6.8 million young people in the EU are either unemployed or underemployed.
Ensuring better job quality and working conditions by “flexicurity” (flexibility and security) policies is a European Commission priority in order to reduce unemployment rates. Although, policies to reduce segmentation have been insufficient as vulnerable groups (e.g. young people, temporary workers) have been hit the hardest by the crisis (Flagship Initiative “An agenda for new skills and jobs”, Communication from the Commission, 23.11.2010).
The main indicator considered here refers to underemployed part-time workers: the share of young people aged 15-24, who are in part-time work, wish to work more and are available to do so. It is complemented by the unemployment rate for 15-24 year olds.
- In 2010, 1.5 million young workers in the EU-27 aged 15-24 were underemployed (7.6% of total employment). The underemployment rate (aged 15 to 24) increased by 1.7 percentage points in the EU between 2008 and 2010. One in four young part-time workers was underemployed.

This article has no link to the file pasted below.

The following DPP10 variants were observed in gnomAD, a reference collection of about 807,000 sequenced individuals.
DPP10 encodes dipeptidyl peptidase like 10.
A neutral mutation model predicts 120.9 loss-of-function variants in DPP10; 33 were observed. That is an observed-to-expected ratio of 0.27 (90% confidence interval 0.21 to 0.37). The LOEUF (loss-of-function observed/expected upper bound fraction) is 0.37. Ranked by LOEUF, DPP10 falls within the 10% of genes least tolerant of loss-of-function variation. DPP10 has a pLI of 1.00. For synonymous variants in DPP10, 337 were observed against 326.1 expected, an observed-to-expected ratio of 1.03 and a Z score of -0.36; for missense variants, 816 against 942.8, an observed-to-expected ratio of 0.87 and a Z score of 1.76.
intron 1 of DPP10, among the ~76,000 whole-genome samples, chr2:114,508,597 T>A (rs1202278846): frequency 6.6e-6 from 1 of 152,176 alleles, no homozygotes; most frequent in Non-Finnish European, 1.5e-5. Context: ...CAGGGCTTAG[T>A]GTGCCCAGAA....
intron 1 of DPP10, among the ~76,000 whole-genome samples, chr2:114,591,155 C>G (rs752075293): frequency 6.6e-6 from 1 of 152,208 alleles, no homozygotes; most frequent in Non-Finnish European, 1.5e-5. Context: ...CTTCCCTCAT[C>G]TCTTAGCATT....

- Joblessness rose even more than underemployment. Between 2008 and 2010, the unemployment rate for young people aged 15-24 increased by 6 percentage points in the EU (from 15% to 21%).
- In 2010, the underemployment rate of young people varied widely across EU countries: Sweden reported the highest percentage (15% of total employment), followed by Spain (14.3%) and by the United Kingdom (13.7%). The lowest rates in 2010 were reported in the Czech Republic (0.7% of total employment) followed by Belgium (2.2%) and by Slovakia (2.7%).
- Compared to 2008, the share of young people who work part-time although they would like to have a full-time job increased in all EU countries except for Germany where it remained at a similar level
In 2010, young women were more likely to be forced into involuntary part-time jobs than young men (57.5% of all employment).
Data originate from the EU Labour Force Survey and are subject to its methodology. Data were processed by Cedefop and extracted from the Eurostat online database on 19th January 2012. In interpreting the data, possible differences in national implementations of the EU LFS should be taken into account.
More information on the concept of underemployment can be found in Eurostat's 'statistics explained'.
There is a break in series in 2010 for the Netherlands. Data for some other countries are not presented either due to lack of availability or due to lack of reliability in the time series examined here.